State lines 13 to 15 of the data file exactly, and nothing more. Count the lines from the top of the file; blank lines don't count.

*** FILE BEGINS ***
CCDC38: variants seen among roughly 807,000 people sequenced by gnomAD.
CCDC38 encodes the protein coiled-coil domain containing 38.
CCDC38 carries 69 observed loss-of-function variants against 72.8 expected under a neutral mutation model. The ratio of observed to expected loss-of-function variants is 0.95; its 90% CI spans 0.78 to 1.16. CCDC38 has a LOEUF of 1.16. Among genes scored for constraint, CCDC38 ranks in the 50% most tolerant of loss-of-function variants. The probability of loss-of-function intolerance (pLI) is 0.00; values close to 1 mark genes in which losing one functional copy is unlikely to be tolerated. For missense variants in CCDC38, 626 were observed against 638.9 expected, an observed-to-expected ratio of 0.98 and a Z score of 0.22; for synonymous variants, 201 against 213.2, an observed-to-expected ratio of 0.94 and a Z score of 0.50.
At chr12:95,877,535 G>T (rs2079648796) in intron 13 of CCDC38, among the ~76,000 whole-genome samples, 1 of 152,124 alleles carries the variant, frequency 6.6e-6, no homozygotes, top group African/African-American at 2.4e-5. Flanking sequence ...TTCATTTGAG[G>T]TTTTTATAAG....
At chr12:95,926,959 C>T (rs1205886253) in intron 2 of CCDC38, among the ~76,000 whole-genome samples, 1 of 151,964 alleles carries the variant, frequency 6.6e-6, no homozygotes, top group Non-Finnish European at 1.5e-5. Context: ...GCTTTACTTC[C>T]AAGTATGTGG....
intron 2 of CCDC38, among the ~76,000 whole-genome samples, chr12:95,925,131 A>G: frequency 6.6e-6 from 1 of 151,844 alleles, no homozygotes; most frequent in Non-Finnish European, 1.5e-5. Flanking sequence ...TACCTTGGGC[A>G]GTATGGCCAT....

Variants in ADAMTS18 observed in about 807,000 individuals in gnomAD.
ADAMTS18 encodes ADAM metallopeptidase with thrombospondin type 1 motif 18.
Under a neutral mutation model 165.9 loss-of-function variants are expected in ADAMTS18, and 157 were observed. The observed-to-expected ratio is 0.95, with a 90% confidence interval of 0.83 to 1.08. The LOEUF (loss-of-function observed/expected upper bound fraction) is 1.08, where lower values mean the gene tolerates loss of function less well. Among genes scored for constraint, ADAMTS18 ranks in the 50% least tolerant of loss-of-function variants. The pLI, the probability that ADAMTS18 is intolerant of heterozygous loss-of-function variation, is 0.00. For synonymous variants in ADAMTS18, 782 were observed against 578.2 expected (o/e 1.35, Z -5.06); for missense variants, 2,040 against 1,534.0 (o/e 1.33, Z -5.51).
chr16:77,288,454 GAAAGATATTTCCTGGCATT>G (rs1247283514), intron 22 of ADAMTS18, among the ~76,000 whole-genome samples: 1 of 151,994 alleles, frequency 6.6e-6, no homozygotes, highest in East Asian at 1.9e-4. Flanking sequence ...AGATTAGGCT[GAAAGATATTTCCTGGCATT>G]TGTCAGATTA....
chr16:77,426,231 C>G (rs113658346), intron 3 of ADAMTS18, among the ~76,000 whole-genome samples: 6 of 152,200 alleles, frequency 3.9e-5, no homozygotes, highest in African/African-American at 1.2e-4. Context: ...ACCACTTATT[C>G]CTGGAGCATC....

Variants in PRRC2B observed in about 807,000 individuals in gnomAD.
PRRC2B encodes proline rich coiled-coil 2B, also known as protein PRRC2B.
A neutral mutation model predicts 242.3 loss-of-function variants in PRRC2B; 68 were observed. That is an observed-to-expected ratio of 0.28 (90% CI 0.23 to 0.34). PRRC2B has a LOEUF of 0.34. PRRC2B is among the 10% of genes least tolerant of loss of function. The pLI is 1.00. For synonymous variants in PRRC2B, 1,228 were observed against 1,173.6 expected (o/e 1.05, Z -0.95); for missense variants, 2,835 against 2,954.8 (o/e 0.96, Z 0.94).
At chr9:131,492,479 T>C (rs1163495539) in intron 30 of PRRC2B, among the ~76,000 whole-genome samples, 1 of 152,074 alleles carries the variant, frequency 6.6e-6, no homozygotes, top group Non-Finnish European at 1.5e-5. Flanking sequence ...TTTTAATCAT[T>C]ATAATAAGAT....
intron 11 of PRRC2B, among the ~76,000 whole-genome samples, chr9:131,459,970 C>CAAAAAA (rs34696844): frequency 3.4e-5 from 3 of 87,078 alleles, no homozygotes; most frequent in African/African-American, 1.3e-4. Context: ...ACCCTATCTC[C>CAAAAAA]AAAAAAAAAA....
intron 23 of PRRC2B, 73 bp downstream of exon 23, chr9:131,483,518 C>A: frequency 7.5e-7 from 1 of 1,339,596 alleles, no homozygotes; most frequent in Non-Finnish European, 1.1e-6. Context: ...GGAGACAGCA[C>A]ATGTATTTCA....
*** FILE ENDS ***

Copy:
PRRC2B encodes proline rich coiled-coil 2B, also known as protein PRRC2B.
A neutral mutation model predicts 242.3 loss-of-function variants in PRRC2B; 68 were observed. That is an observed-to-expected ratio of 0.28 (90% CI 0.23 to 0.34). PRRC2B has a LOEUF of 0.34. PRRC2B is among the 10% of genes least tolerant of loss of function. The pLI is 1.00. For synonymous variants in PRRC2B, 1,228 were observed against 1,173.6 expected (o/e 1.05, Z -0.95); for missense variants, 2,835 against 2,954.8 (o/e 0.96, Z 0.94).
At chr9:131,492,479 T>C (rs1163495539) in intron 30 of PRRC2B, among the ~76,000 whole-genome samples, 1 of 152,074 alleles carries the variant, frequency 6.6e-6, no homozygotes, top group Non-Finnish European at 1.5e-5. Flanking sequence ...TTTTAATCAT[T>C]ATAATAAGAT....